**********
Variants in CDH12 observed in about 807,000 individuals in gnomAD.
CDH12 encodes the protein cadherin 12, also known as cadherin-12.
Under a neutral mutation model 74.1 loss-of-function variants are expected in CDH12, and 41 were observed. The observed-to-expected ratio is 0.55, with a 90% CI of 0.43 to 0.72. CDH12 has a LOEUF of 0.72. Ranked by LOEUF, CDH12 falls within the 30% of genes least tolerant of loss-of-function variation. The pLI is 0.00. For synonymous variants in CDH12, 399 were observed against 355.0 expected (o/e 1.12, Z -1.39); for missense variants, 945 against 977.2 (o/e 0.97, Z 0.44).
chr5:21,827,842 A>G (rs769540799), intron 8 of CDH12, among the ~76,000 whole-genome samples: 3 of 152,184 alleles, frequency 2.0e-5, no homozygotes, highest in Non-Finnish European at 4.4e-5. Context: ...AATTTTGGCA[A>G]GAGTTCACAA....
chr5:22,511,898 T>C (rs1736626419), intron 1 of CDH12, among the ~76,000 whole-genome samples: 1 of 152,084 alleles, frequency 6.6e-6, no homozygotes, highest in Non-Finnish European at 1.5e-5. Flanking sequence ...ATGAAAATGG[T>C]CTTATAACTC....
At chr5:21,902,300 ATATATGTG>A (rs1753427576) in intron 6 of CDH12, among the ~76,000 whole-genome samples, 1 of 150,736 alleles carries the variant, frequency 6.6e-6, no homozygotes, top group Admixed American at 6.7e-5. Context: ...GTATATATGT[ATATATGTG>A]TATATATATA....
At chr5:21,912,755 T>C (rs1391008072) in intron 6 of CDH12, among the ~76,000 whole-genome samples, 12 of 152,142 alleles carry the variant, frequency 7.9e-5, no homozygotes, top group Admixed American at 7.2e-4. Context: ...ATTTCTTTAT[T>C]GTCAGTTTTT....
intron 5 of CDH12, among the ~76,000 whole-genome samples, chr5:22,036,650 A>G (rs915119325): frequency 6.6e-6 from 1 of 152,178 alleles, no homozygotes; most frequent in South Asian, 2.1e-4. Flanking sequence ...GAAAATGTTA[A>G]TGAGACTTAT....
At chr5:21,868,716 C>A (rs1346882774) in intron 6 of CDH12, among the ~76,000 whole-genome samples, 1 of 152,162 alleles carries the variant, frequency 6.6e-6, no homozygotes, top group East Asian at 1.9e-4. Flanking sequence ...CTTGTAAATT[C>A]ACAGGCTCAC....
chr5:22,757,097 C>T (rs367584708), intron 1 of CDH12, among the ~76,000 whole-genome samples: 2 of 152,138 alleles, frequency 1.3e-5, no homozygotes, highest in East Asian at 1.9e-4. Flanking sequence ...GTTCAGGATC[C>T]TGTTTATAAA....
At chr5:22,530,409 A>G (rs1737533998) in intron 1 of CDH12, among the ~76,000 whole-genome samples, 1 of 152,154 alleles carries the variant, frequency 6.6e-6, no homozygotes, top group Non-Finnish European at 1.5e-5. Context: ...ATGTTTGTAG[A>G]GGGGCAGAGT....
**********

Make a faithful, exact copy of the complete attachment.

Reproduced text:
Variants in CDH12 observed in about 807,000 individuals in gnomAD.
CDH12 encodes the protein cadherin 12, also known as cadherin-12.
Under a neutral mutation model 74.1 loss-of-function variants are expected in CDH12, and 41 were observed. The observed-to-expected ratio is 0.55, with a 90% CI of 0.43 to 0.72. CDH12 has a LOEUF of 0.72. Ranked by LOEUF, CDH12 falls within the 30% of genes least tolerant of loss-of-function variation. The pLI is 0.00. For synonymous variants in CDH12, 399 were observed against 355.0 expected (o/e 1.12, Z -1.39); for missense variants, 945 against 977.2 (o/e 0.97, Z 0.44).
chr5:21,827,842 A>G (rs769540799), intron 8 of CDH12, among the ~76,000 whole-genome samples: 3 of 152,184 alleles, frequency 2.0e-5, no homozygotes, highest in Non-Finnish European at 4.4e-5. Context: ...AATTTTGGCA[A>G]GAGTTCACAA....
chr5:22,511,898 T>C (rs1736626419), intron 1 of CDH12, among the ~76,000 whole-genome samples: 1 of 152,084 alleles, frequency 6.6e-6, no homozygotes, highest in Non-Finnish European at 1.5e-5. Flanking sequence ...ATGAAAATGG[T>C]CTTATAACTC....
At chr5:21,902,300 ATATATGTG>A (rs1753427576) in intron 6 of CDH12, among the ~76,000 whole-genome samples, 1 of 150,736 alleles carries the variant, frequency 6.6e-6, no homozygotes, top group Admixed American at 6.7e-5. Context: ...GTATATATGT[ATATATGTG>A]TATATATATA....
At chr5:21,912,755 T>C (rs1391008072) in intron 6 of CDH12, among the ~76,000 whole-genome samples, 12 of 152,142 alleles carry the variant, frequency 7.9e-5, no homozygotes, top group Admixed American at 7.2e-4. Context: ...ATTTCTTTAT[T>C]GTCAGTTTTT....
intron 5 of CDH12, among the ~76,000 whole-genome samples, chr5:22,036,650 A>G (rs915119325): frequency 6.6e-6 from 1 of 152,178 alleles, no homozygotes; most frequent in South Asian, 2.1e-4. Flanking sequence ...GAAAATGTTA[A>G]TGAGACTTAT....
At chr5:21,868,716 C>A (rs1346882774) in intron 6 of CDH12, among the ~76,000 whole-genome samples, 1 of 152,162 alleles carries the variant, frequency 6.6e-6, no homozygotes, top group East Asian at 1.9e-4. Flanking sequence ...CTTGTAAATT[C>A]ACAGGCTCAC....
chr5:22,757,097 C>T (rs367584708), intron 1 of CDH12, among the ~76,000 whole-genome samples: 2 of 152,138 alleles, frequency 1.3e-5, no homozygotes, highest in East Asian at 1.9e-4. Flanking sequence ...GTTCAGGATC[C>T]TGTTTATAAA....
At chr5:22,530,409 A>G (rs1737533998) in intron 1 of CDH12, among the ~76,000 whole-genome samples, 1 of 152,154 alleles carries the variant, frequency 6.6e-6, no homozygotes, top group Non-Finnish European at 1.5e-5. Context: ...ATGTTTGTAG[A>G]GGGGCAGAGT....